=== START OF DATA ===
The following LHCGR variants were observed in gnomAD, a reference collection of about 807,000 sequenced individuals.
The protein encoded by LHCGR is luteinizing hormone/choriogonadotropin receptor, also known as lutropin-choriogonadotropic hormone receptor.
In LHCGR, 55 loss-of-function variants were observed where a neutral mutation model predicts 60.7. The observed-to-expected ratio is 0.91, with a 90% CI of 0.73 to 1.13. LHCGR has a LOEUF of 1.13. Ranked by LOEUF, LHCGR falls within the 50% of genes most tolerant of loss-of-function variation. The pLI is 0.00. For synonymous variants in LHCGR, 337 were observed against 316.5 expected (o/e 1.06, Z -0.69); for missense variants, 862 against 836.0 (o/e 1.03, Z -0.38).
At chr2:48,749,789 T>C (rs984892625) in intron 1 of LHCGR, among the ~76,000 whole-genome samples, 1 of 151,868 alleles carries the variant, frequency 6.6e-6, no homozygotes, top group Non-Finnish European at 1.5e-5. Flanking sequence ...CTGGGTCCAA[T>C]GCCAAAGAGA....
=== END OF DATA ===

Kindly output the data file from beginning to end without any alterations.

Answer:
The following LHCGR variants were observed in gnomAD, a reference collection of about 807,000 sequenced individuals.
The protein encoded by LHCGR is luteinizing hormone/choriogonadotropin receptor, also known as lutropin-choriogonadotropic hormone receptor.
In LHCGR, 55 loss-of-function variants were observed where a neutral mutation model predicts 60.7. The observed-to-expected ratio is 0.91, with a 90% CI of 0.73 to 1.13. LHCGR has a LOEUF of 1.13. Ranked by LOEUF, LHCGR falls within the 50% of genes most tolerant of loss-of-function variation. The pLI is 0.00. For synonymous variants in LHCGR, 337 were observed against 316.5 expected (o/e 1.06, Z -0.69); for missense variants, 862 against 836.0 (o/e 1.03, Z -0.38).
At chr2:48,749,789 T>C (rs984892625) in intron 1 of LHCGR, among the ~76,000 whole-genome samples, 1 of 151,868 alleles carries the variant, frequency 6.6e-6, no homozygotes, top group Non-Finnish European at 1.5e-5. Flanking sequence ...CTGGGTCCAA[T>C]GCCAAAGAGA....